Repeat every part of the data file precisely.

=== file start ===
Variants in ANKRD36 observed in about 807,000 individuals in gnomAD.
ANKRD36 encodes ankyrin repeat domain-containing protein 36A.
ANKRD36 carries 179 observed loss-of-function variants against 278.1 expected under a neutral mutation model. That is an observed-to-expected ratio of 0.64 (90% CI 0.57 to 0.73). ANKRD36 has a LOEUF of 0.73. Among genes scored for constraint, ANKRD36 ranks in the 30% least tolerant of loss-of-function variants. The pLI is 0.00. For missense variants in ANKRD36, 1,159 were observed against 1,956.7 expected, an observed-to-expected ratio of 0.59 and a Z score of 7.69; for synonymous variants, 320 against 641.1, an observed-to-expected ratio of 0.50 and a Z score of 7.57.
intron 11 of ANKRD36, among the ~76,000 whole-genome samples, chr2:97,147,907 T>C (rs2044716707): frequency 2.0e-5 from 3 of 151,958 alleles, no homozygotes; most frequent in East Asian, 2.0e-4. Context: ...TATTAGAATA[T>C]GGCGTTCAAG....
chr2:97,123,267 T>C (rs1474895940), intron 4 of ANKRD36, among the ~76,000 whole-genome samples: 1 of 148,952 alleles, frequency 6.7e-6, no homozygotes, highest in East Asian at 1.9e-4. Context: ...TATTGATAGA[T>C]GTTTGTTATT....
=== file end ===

Variants in ANKRD36 observed in about 807,000 individuals in gnomAD.
ANKRD36 encodes ankyrin repeat domain-containing protein 36A.
ANKRD36 carries 179 observed loss-of-function variants against 278.1 expected under a neutral mutation model. That is an observed-to-expected ratio of 0.64 (90% CI 0.57 to 0.73). ANKRD36 has a LOEUF of 0.73. Among genes scored for constraint, ANKRD36 ranks in the 30% least tolerant of loss-of-function variants. The pLI is 0.00. For missense variants in ANKRD36, 1,159 were observed against 1,956.7 expected, an observed-to-expected ratio of 0.59 and a Z score of 7.69; for synonymous variants, 320 against 641.1, an observed-to-expected ratio of 0.50 and a Z score of 7.57.
intron 11 of ANKRD36, among the ~76,000 whole-genome samples, chr2:97,147,907 T>C (rs2044716707): frequency 2.0e-5 from 3 of 151,958 alleles, no homozygotes; most frequent in East Asian, 2.0e-4. Context: ...TATTAGAATA[T>C]GGCGTTCAAG....
chr2:97,123,267 T>C (rs1474895940), intron 4 of ANKRD36, among the ~76,000 whole-genome samples: 1 of 148,952 alleles, frequency 6.7e-6, no homozygotes, highest in East Asian at 1.9e-4. Context: ...TATTGATAGA[T>C]GTTTGTTATT....